Gastroenterology Center

Patient Education

Colonoscopy

What is a colonoscopy?
A colonoscopy is an exam of the colon (large intestine, or bowel) with a slim, flexible, lighted tube called a colonoscope. Your health care provider can use the colonoscope to get a clear, magnified view of the inside of your colon from the anus to the area near the appendix.

When is it used?
Colonoscopy is the most direct and complete way to see the entire lining of the colon. It is usually done for one of the following reasons:

  • Prevention and early detection of cancer. If you are between 50 and 80 years old, your health care provider may recommend that you have a colonoscopy every 10 years. If you have a personal or family history that increases your risk, your provider may recommend that you have the test more often. A colonoscopy can help your provider find and remove growths (polyps) before they become cancerous. It can also allow your provider to detect cancerous growths early, when the cancer is easier to cure.
  • Diagnosis of illness. If you have symptoms of illness that your health care provider has not been able to explain, you may have this procedure to try to find the cause of your symptoms. For example, you may be having unexplained abdominal pain or abnormal bowel movements. Your provider can check for inflammation of the bowel lining or infected pockets (diverticula) in the bowel wall.

How do I prepare for a colonoscopy?
Follow your health care provider's instructions about not smoking before and after the procedure.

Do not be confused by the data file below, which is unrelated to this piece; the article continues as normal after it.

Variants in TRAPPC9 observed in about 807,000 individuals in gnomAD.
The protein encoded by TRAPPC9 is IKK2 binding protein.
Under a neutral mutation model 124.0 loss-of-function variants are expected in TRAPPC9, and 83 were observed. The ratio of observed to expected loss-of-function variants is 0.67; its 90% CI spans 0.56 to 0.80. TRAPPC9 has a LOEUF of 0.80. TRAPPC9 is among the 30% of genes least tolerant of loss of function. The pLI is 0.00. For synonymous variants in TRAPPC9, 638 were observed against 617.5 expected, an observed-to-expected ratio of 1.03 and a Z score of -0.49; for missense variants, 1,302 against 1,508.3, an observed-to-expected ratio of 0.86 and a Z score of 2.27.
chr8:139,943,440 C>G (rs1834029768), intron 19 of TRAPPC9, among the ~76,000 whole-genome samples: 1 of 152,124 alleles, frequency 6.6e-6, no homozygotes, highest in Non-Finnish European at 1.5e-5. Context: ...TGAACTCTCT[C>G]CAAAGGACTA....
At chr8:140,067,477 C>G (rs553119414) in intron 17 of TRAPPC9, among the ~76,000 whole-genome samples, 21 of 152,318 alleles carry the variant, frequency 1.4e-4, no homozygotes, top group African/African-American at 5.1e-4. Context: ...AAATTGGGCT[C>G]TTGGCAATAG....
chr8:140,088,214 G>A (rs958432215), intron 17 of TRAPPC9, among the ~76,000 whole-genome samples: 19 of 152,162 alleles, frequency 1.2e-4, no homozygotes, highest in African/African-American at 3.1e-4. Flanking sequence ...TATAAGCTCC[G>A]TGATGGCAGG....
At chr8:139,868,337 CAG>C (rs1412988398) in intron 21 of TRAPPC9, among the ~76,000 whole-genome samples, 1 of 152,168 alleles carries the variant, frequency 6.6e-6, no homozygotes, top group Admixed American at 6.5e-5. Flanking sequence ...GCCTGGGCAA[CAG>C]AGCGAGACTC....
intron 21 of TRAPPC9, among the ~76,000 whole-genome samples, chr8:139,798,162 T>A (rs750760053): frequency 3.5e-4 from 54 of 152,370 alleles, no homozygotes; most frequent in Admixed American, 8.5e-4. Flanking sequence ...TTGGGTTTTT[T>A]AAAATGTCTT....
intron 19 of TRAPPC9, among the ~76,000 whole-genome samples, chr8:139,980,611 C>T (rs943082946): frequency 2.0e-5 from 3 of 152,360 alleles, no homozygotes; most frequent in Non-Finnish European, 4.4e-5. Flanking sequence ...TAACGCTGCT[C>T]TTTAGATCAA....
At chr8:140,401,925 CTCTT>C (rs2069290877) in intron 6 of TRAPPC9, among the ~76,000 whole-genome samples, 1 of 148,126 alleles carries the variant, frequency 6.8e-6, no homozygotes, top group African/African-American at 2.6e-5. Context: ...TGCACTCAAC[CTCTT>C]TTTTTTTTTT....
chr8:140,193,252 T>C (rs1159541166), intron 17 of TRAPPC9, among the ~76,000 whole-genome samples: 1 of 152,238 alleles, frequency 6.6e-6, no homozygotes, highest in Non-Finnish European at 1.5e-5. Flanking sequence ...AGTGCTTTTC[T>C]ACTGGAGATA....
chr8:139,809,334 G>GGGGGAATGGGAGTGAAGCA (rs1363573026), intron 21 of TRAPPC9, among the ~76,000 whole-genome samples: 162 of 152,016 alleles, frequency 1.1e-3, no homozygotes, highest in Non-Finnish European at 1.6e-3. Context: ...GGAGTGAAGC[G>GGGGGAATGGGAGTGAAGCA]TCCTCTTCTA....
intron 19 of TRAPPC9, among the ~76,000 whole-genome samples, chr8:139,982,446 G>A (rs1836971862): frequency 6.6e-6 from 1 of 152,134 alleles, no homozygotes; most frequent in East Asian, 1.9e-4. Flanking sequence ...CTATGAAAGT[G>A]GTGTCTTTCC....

• If you need a minor pain reliever in the week before the procedure, choose acetaminophen rather than aspirin, ibuprofen, or naproxen. This helps avoid extra bleeding during the procedure. If you are taking daily aspirin for a medical condition, ask your provider if you need to stop taking it before the procedure.
  • Your health care provider will give you written instructions on how to clear bowel movements from the colon.
  • You will probably be asked to eat no solid food for 24 to 48 hours before the exam.
  • You should have only clear liquids 12 to 24 hours before your exam. Clear liquids are water, broth, apple or white grape juice, tea or coffee (no milk or cream), and soda. Gelatin in any color but red may also be eaten.
  • You will be asked to take a liquid laxative and may be asked to give yourself a home enema a few hours before your exam. This will clear stool from the bowel. Be sure to complete this bowel preparation. The exam may not be possible if the colon still has stool in it.

Drink plenty of clear liquids during the bowel preparation to avoid dehydration. It is helpful to drink liquids that help replace the electrolytes (potassium and sodium) you lose during the prep. Unless otherwise instructed, you can continue taking your usual medicines.

Tell your provider if:

  • You have any allergies.
  • You are taking any medicines, especially aspirin or anticoagulants (blood thinners).
  • You need to take antibiotics before dental procedures because of heart valve disease or implanted devices, such as artificial joints.